You've probably heard that buying a lottery ticket is a huge waste of money. People call it the "idiot tax."
Normally, that's harsh but relatively accurate.
The jackpot has to be at least $275 million for it to be considered remotely worthwhile.
But tonight's Powerball lotto is the exception to that rule.
Because of the high stakes, the expected winnings of buying a $2 ticket is $1.21. In other words, if you spend $2 on tickets, then you will get back $3.21 in winnings on average, for a net gain of $1.21.
Because Powerball publishes the probabilities of winning each prize, we're able to figure out the expected value of a ticket.
Slightly more than 96% of the time, a ticket is a loser, and a player loses $2.
But the remaining 4% of the time, the player enjoys a net financial gain. 2.7% of the time a player gains $2; 0.45% of the time a player gains $5; and so on and so forth. A tiny, tiny fraction of the time, a player gains half a billion dollars.
As a result, if you multiply through the probabilities you get the expected gains and losses of buying a ticket. The average gains of buying a ticket exceed the guaranteed loss of buying a ticket because of the huge jackpot, and the net expected value of playing a ticket turns out to be $1.21.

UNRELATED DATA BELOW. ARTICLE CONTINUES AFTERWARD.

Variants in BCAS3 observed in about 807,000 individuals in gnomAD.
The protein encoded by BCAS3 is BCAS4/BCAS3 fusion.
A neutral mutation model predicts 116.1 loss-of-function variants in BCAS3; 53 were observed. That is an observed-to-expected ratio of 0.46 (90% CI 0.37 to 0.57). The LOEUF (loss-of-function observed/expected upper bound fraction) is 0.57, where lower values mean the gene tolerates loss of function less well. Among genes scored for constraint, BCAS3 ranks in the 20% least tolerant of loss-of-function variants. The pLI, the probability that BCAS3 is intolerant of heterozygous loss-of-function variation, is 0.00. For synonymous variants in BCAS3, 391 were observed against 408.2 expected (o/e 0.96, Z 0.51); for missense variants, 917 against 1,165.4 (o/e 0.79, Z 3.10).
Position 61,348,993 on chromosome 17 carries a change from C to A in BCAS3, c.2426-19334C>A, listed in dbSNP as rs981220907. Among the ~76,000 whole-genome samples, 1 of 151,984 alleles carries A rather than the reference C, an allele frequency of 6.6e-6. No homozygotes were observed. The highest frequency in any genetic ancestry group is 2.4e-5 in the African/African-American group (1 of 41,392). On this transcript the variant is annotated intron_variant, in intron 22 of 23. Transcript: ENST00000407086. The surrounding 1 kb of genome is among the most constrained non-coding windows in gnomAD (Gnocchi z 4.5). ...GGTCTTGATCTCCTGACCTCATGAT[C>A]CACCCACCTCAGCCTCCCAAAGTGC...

What's more, there's probably going to be a winner this time.
Here's the probability of at least one jackpot winner given the number of tickets sold:
Powerball claims that they expect to sell more than 189 million tickets before the drawing tonight. That translates to a 66% probability of at least one winner, so the odds are rather good that there will be at least one new multi-millionaire tomorrow.
The best way to determine that figure out is 1 minus the probability that there isn't a winner at all, that every single ticket sold is wrong. Since the probability that a single ticket is wrong is 175223509/175223510, that raised to the 189 millionth power is around 34 percent. There's a 34% probability that every ticket is wrong, so there's a 66% probability that at least one ticket is right.
This brings us to the conclusion that there is a two in three chance that the Powerball lottery won't get any better than it is now.
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